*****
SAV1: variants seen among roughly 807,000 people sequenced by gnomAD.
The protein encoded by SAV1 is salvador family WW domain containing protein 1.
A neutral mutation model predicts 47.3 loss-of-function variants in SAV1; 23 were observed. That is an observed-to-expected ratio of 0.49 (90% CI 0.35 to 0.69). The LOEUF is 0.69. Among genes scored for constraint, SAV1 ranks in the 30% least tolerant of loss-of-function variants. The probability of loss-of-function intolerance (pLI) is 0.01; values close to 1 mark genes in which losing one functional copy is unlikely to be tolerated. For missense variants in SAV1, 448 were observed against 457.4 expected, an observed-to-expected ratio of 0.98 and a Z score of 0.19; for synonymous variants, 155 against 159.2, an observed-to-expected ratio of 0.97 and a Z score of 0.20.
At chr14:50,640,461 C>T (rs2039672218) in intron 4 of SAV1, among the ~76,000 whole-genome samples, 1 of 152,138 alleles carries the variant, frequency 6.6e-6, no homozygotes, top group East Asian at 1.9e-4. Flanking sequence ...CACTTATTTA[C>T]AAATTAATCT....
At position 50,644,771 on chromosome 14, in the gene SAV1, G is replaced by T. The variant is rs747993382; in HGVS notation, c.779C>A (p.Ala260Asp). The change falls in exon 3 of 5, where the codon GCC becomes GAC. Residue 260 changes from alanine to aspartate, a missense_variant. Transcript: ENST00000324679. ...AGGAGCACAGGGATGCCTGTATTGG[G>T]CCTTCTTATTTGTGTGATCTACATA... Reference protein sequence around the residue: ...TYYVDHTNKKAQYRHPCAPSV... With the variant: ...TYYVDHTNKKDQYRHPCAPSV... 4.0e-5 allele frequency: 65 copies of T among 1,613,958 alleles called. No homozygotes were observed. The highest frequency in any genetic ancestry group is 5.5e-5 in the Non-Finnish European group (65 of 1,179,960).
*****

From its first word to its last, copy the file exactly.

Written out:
SAV1: variants seen among roughly 807,000 people sequenced by gnomAD.
The protein encoded by SAV1 is salvador family WW domain containing protein 1.
A neutral mutation model predicts 47.3 loss-of-function variants in SAV1; 23 were observed. That is an observed-to-expected ratio of 0.49 (90% CI 0.35 to 0.69). The LOEUF is 0.69. Among genes scored for constraint, SAV1 ranks in the 30% least tolerant of loss-of-function variants. The probability of loss-of-function intolerance (pLI) is 0.01; values close to 1 mark genes in which losing one functional copy is unlikely to be tolerated. For missense variants in SAV1, 448 were observed against 457.4 expected, an observed-to-expected ratio of 0.98 and a Z score of 0.19; for synonymous variants, 155 against 159.2, an observed-to-expected ratio of 0.97 and a Z score of 0.20.
At chr14:50,640,461 C>T (rs2039672218) in intron 4 of SAV1, among the ~76,000 whole-genome samples, 1 of 152,138 alleles carries the variant, frequency 6.6e-6, no homozygotes, top group East Asian at 1.9e-4. Flanking sequence ...CACTTATTTA[C>T]AAATTAATCT....
At position 50,644,771 on chromosome 14, in the gene SAV1, G is replaced by T. The variant is rs747993382; in HGVS notation, c.779C>A (p.Ala260Asp). The change falls in exon 3 of 5, where the codon GCC becomes GAC. Residue 260 changes from alanine to aspartate, a missense_variant. Transcript: ENST00000324679. ...AGGAGCACAGGGATGCCTGTATTGG[G>T]CCTTCTTATTTGTGTGATCTACATA... Reference protein sequence around the residue: ...TYYVDHTNKKAQYRHPCAPSV... With the variant: ...TYYVDHTNKKDQYRHPCAPSV... 4.0e-5 allele frequency: 65 copies of T among 1,613,958 alleles called. No homozygotes were observed. The highest frequency in any genetic ancestry group is 5.5e-5 in the Non-Finnish European group (65 of 1,179,960).